These days are filled with canning tomatoes, making more applesauce, trying new pickle recipes and dyeing wool as fast as I can…the nip in the air is enough of a reminder that we’ll be inside more hours than not before long. Already is too chilly (for me, not Steve) to work outside before 10 and if we’re not careful it’s dark before we’ve finished putting away the tools from the day. For two nights now we haven’t had any guests driving in so I imagine that we’ll shut everything down by next Monday…the camping season is trickling down to a full stop.
Like a lot of people, we’re swimming through a bumper crop of tomatoes this fall. Steve planted 6 heirloom varieties, and my current favorite is the Green Zebra. It’s a striped tomato that’s green with a golden blush when it’s fully ripe. The first few times we had them on the dinner table, no one was very impressed…but then we found out how they shine…when you cook them on the stove top, the skins melt away and the resulting vinegary puree is a heavenly base for soups and sauces.
When Susy the weaver was here we used them as a base for a Thai influenced soup…with basil, tofu and chili peppers. A couple of days later they became the focus of a spaghetti sauce with roasted onions and mussels Steve harvested from Sears Island…and yesterday they starred in dinner and dessert. I found this green tomato cake recipe on the internet and made the moistest cake….but the instructions of the recipe were to grate the tomatoes, drain and throw away the juice…if you saw what a pretty green juice resulted you’d have been reluctant to throw it away too…so I used it as the broth in our risotto…added a handful of grated tomatoes at the end and a bigger handful of grated Parmesan cheese…it was the perfect base to the sea scallops we got from Wyman’s in Stockton Springs…check out this tip nut post for really good ideas if you’ve got love apples by the basket too.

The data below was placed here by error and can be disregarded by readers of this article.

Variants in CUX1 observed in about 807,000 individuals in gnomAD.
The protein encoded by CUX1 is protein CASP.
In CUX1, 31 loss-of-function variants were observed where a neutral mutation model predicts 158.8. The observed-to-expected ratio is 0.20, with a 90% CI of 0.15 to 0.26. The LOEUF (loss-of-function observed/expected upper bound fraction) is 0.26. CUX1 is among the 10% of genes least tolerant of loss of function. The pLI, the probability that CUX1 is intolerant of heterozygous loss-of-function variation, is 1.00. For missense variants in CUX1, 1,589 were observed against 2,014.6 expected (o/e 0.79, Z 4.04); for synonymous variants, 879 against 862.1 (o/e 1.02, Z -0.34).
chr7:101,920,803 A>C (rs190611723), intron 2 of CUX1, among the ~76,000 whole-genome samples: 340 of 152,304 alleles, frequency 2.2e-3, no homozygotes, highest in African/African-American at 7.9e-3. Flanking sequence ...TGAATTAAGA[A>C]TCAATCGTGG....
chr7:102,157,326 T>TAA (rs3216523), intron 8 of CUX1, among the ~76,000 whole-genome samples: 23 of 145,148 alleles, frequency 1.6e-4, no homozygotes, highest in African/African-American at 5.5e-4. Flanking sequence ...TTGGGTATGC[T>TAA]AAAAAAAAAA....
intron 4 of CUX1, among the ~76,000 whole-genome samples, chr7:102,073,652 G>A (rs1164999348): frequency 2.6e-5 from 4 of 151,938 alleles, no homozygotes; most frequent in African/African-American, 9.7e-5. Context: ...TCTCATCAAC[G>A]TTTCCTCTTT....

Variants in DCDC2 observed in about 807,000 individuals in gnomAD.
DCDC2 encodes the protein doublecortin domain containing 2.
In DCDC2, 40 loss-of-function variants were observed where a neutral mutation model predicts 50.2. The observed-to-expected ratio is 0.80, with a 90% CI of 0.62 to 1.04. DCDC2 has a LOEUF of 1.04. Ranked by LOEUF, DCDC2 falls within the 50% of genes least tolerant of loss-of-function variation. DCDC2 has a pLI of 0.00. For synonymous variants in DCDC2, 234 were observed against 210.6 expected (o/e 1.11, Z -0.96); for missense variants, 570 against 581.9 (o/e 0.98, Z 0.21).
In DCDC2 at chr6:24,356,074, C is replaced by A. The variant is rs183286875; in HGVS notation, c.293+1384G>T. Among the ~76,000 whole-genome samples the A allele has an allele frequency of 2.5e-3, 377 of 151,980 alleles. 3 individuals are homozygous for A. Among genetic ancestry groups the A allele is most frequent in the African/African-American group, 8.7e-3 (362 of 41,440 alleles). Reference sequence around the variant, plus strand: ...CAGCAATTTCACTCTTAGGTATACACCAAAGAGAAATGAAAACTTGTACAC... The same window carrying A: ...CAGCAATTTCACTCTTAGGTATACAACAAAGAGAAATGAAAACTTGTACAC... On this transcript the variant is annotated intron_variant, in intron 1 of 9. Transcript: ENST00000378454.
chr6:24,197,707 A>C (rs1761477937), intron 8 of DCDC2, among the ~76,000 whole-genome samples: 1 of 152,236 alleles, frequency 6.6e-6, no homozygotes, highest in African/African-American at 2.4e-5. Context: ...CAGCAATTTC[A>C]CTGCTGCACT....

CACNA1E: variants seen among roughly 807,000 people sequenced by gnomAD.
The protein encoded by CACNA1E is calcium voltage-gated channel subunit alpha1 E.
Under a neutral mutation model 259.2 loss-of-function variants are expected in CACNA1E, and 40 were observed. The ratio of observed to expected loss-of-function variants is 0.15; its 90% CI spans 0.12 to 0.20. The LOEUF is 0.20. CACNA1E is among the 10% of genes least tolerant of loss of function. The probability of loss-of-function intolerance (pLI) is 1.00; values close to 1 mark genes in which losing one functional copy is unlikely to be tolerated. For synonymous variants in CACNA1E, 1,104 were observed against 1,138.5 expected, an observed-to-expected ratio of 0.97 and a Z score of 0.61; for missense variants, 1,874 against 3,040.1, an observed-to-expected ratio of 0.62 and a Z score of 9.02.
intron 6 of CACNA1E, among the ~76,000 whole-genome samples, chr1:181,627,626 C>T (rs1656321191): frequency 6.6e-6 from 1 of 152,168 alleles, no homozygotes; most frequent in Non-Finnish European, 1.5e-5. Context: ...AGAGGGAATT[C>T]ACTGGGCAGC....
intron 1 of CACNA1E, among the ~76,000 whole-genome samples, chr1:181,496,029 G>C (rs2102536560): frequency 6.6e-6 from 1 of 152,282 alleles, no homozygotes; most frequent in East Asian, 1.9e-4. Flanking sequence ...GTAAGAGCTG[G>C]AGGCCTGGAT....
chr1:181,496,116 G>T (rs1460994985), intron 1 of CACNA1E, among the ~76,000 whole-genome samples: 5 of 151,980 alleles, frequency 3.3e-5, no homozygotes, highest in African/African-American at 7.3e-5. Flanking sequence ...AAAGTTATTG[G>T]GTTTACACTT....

And then there’s the wooly side of my life…the first carpet bag should be cut off the loom today…I’ve been delayed because all the fall foliage sends me into a dervish for dyeing anything I can get my hands on. Yesterday I gathered maple leaves from the ground and set a goal…could I dye wool that matched the colors for next year’s “perfect” tunic…So remembering someone telling me that naturally gray wool dyes richer and warmer colors than white wool…I set out with a fleece raised by Lee Straw on Metnic Island…Look what I got…